Prominent opposition senators have announced criminal charges against Colombia’s former chief prosecutor and agents of the United States’ Drug Enforcement Administration (DEA), claiming they violated international law and human rights to link a demobilized rebel leader to drug trafficking.
Leftist Senator Ivan Cepeda (Democratic Police) and centrist Senator Antonio Sanguino (Green Alliance) announced the criminal charges on Wednesday during a debate over the controversial arrest of FARC leader “Jesus Santrich” in April last year.
The arrest on the unsubstantiated US claim plunged Colombia’s peace process into an unprecedented crisis.
DEA: from crime fighters to alleged criminals
According to the senators, the country’s war crimes tribunal found enough evidence that would merit a criminal investigation against former chief prosecutor Nestor Humberto Martinez, DEA agent Brian Witek and possibly other US officials.
The Special Jurisdiction for Peace (JEP) said last month it found no evidence indicating whether or when Santrich would have conspired to traffic drugs, but did find indications that Martinez and the DEA had violated international law and human rights in their attempt to nab the FARC leader.
The ruling triggered the immediate and furious resignation of former chief prosecutor Nestor Humberto Martinez, who left to the US leaving behind multiple fraud, corruption and abuse of power accusations in his home country.
“In the last two years, DEA agents in Colombia have carried out covert operations. Many of them have been illegal and have affected the peace process,” said Cepeda, a victims rights defender and strong supporter of his country’s peace process.
According to the JEP, Martinez told the court that the DEA agents that were after Santrich did not receive the formal permission to carry out criminal investigations and wiretap suspects because they were not acting on behalf of the DEA, but as private citizens.
According to Cepeda, the DEA agents also used entrapment, an illegal investigation method in Colombia, in their failed attempt to have the FARC leader extradited.
The US State Department has failed to make any statements in regards to the alleged misconduct and criminal activity of US embassy agents.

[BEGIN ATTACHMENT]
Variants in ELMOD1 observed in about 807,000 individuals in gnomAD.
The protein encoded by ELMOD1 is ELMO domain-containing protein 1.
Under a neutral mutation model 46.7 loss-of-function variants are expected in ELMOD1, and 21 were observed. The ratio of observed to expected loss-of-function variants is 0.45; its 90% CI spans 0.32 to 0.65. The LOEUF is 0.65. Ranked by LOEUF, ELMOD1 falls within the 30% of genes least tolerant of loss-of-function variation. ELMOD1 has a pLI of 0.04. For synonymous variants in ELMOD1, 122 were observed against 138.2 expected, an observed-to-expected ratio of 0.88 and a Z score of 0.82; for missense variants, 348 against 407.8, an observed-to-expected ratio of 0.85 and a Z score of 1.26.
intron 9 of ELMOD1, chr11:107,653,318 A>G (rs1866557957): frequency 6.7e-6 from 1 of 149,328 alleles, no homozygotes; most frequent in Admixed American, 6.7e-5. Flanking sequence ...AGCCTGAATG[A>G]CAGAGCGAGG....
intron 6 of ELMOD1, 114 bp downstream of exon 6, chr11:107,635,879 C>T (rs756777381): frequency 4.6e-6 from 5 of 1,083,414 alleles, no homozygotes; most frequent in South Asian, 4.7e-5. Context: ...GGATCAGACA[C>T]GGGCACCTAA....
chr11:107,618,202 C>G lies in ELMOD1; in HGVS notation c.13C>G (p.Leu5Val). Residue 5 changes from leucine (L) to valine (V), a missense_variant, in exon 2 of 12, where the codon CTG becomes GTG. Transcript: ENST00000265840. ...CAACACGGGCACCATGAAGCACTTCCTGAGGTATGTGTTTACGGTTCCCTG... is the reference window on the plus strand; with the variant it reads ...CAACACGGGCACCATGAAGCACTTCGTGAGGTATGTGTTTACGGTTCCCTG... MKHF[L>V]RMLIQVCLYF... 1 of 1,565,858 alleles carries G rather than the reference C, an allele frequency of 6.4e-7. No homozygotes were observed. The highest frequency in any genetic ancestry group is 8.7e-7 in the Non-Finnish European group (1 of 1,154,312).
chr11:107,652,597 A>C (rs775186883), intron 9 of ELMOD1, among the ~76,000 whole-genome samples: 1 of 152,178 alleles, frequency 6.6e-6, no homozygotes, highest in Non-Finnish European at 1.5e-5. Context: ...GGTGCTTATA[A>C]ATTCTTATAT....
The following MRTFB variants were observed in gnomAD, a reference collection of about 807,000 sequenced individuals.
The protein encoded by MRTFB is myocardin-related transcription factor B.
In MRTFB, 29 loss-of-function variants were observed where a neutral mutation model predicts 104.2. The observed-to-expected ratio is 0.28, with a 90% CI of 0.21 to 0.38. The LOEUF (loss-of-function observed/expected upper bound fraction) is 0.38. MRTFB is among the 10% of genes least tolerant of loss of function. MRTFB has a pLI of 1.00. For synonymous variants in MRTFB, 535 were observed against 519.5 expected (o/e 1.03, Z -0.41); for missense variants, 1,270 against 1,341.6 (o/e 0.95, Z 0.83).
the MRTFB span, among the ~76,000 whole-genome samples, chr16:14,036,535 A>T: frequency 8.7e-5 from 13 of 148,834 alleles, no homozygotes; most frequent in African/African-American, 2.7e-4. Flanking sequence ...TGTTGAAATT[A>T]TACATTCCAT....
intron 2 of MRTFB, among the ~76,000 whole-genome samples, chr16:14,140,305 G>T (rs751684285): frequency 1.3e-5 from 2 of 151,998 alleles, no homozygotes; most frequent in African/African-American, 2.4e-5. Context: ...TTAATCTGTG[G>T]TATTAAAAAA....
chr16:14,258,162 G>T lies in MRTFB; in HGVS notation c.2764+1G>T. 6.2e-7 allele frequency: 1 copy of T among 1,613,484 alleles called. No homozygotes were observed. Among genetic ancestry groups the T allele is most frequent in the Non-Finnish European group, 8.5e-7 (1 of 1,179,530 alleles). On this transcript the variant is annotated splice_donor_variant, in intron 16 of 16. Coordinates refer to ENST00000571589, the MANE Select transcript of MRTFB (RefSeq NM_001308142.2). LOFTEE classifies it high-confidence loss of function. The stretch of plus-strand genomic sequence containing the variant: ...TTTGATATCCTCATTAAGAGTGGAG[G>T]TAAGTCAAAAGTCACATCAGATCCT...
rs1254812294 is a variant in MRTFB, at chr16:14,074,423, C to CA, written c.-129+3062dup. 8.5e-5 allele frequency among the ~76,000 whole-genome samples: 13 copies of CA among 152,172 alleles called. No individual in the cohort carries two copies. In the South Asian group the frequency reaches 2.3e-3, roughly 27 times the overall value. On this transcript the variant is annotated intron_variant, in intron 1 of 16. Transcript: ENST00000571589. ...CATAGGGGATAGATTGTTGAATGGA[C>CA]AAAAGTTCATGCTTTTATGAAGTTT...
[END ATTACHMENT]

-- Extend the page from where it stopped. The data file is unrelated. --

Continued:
Martinez: from chief prosecutor to alleged criminal
The former chief prosecutor allegedly broke the law for allowing the DEA agents to carry out criminal investigations without any oversight or the compulsory judicial assistance that could prevent foreign agents to engage in criminal conduct, like entrapment or unauthorized wiretapping.
“Martinez repeatedly stated that he was unaware of the role that the DEA was playing in Colombia,” Cepeda told Congress, adding that “I wonder what role the DEA was playing in Colombia and why the Prosecutor General’s Office didn’t know about it.”
The former chief prosecutor has already been sued for tax evasion and has been accused of playing a key role in the bribery practices of Brazilian engineering firm Odebrecht and Martinez’ former employer, banking conglomerate Grupo Aval.
He is now alleged of gross misconduct after he admitted he allowed foreign agents to operate in the country without any oversight or judicial assistance.
Because Martinez enjoys special privileges for alleged crimes committed while he was chief prosecutor, he can only be investigated by Congress’ notoriously inactive Accusations Committee.
Witek and his colleagues, ironically, could be requested for extradition to face criminal charges and possibly prison in Colombia.
The DEA’s latest misconduct charges further discredits the agency that already had come under fire after its regional director was accused of using American tax payers’ money to visit prostitutes and other agents were accused of drug trafficking.